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    Our association with gold and silver can be traced back beyond recorded history. The fascination and high regard we have for precious metals investing like gold are not hard to fathom. The adjective ‘Precious’ attached to metals is a dead giveaway. It means ‘of high worth or great value’. 

    A precious metal is a metal with high economic value for a variety of reasons.  The high respect they command is due to their insatiable demand in the jewelry sector. This also gives them an undeniable edge as an asset. Their scarcity has only resulted in scaling up the interest in them and fueling their demand.

    Gold and silver have occupied top spots among precious metals for thousands of years. Even in this modern age, when investors are deluged with a multitude of investment choices, our interest in these shiny metals is showing no signs of waning; in fact, it has only increased. The reasons are easily evident, only if we care to look for them.

    Like gold and silver, platinum and palladium have also managed to garner the attention of investors in recent years, making them a cozy quartet. Close on their heels are other lesser-known precious metals like rhodium, iridium, ruthenium, indium, rhenium, and osmium. Electrum or ‘white gold’, a naturally mined alloy of gold and silver is also vying for its place in the sun.


    If you are intrigued about investing in precious metals and would like to test the waters, read on to learn more about these lustrous metals, their potential as an investment vehicle, and what the future holds for them.

    Precious Metals Investing

    What are the 5 top precious metals?

    Precious metals make a good investment choice due to their ever-expanding demand in jewelry, electronics, medical field, and industries. An argument in favor of precious metals investing is that their worth will never be zero. They will always command their intrinsic value.

    The top 5 precious metals based on their demand and investment potential are gold, silver, platinum, palladium, and rhodium. Their prices are determined in the commodity markets where they are traded in bulk quantities. Each one of them comes with its unique opportunities and risks. 

    Let us take a look at them in more detail.

    1. Gold

    The yellow metal has always held the prime position among precious metals. Gold has an edge over other metals due to its unique attributes – durability, ductility, malleability, and conductivity.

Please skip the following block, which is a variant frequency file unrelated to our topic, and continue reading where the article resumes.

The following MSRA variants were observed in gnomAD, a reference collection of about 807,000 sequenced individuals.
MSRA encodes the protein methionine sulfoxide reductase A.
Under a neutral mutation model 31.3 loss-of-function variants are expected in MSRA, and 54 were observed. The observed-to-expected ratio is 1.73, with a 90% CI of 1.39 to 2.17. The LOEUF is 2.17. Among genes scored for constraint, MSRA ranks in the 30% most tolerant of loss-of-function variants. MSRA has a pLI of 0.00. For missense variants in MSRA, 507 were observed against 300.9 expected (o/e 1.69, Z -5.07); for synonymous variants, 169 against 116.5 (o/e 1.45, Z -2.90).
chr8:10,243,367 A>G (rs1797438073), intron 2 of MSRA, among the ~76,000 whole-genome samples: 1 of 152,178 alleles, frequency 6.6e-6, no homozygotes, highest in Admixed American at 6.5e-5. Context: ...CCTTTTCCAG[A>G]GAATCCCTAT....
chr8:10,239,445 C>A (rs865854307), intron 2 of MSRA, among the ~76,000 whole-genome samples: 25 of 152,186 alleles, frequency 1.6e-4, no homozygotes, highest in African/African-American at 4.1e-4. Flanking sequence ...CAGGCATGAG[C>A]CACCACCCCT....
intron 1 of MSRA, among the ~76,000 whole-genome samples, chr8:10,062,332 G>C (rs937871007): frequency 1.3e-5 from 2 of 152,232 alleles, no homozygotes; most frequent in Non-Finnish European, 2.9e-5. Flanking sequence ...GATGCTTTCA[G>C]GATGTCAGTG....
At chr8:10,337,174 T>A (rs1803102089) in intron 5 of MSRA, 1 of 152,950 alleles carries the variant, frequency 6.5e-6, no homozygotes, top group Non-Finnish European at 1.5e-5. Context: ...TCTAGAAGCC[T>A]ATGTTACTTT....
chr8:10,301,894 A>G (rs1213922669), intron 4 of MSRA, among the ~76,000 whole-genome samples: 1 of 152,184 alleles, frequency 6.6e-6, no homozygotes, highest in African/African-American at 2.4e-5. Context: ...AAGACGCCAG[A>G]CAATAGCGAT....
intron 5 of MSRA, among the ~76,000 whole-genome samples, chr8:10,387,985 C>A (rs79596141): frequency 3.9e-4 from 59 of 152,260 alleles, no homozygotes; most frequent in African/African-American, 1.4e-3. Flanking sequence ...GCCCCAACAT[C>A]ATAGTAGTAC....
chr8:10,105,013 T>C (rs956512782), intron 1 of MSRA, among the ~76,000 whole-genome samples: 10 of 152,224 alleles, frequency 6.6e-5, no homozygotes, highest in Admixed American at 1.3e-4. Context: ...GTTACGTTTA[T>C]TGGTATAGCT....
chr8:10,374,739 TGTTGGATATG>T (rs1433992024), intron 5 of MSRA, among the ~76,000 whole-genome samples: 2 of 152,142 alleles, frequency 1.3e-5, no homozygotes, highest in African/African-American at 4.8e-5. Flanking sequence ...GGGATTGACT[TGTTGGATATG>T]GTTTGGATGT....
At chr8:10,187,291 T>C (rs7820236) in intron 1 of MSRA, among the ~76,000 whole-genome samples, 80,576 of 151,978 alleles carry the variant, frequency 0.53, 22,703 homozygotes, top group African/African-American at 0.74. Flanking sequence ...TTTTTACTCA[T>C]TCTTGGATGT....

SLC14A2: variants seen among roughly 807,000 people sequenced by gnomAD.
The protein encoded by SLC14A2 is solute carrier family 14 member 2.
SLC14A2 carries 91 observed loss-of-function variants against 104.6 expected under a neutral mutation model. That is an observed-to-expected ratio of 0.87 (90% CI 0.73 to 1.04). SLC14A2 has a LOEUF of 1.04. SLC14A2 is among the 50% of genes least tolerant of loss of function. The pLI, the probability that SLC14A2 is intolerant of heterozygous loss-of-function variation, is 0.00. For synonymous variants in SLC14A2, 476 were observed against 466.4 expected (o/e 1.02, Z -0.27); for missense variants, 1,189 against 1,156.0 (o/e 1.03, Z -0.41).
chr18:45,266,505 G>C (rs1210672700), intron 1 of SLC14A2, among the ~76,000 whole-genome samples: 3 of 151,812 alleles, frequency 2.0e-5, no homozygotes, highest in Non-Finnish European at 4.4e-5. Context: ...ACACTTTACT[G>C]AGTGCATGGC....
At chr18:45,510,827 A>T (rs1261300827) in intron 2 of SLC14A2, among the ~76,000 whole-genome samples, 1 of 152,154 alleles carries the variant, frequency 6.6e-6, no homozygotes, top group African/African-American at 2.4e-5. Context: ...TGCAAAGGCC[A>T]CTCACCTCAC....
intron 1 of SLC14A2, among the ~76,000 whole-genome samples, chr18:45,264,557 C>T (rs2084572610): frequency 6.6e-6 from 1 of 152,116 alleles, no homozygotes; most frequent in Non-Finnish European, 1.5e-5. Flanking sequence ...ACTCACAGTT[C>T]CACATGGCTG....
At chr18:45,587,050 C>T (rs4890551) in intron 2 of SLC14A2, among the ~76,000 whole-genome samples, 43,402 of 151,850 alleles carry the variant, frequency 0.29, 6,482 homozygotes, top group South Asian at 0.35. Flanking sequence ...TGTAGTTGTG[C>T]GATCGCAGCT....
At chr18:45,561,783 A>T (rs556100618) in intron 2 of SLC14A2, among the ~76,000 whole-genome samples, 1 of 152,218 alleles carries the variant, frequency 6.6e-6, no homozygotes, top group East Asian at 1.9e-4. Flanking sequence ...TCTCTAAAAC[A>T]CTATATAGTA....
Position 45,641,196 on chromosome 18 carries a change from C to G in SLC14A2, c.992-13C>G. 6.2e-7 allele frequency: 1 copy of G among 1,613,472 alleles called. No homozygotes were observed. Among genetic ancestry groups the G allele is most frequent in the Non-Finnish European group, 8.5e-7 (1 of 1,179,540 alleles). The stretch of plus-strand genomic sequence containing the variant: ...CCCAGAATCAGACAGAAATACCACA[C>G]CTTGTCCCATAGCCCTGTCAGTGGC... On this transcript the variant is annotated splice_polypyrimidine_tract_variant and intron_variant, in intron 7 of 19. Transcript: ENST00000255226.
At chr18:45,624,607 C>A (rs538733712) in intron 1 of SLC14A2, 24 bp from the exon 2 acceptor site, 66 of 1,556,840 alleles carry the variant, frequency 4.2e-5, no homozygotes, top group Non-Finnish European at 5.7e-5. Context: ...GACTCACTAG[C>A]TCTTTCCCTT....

Beyond its use in jewelry and artifacts, gold finds application in dentistry, medicines, GPS devices, mobile phones, and television sets among others. Central Banks stockpile gold as an instrument to underpin the value of their currencies. Individual investor’s interest in gold is just an extension of this trend.

    The gold price is dictated by the bullion market where it is traded in bulk. Known as the spot price, the gold rate is quoted per ounce of gold and changes round the clock based on many factors. Unlike other commodities, supply and demand are only two of the factors affecting its value. 

    One of the driving determinants of gold rates is investor sentiment, which is hard to predict. Moreover, whether there is less money in the market or it is flushed with it, gold is always the go-to investment option for many investors for various reasons.

    Some of the reasons for an increase in interest in the yellow metal are:

    • Economic uncertainties such as inflation, currency depreciation, devaluation of the currency, and similar economic concerns result in negative returns from other financial assets like stock, bonds, and real estate. Gold acts as a hedge to retain the value of savings.
    • Financial crises including the collapse of the banking system, weakening of currencies, and such like make investors flock to gold as an asset.
    • Political instability caused by wars, the ineptitude/failure of governments, faulty policies leading to large-scale unemployment, etc, trigger many investors to prefer gold as a safe haven.

    2. Silver

    While gold prices are primarily dictated by investors’ sentiments and their perception as an asset, the silver rate is guided only in part by its ability to retain its worth at times of value erosion of currencies. Its use in various industries acts as an equal driver of silver rates. 

    Similar to gold, silver is also hoarded for its attribute as a store of value and as a hedge against the negative trends in the financial world. However, industrial uses of silver are large enough to influence its price.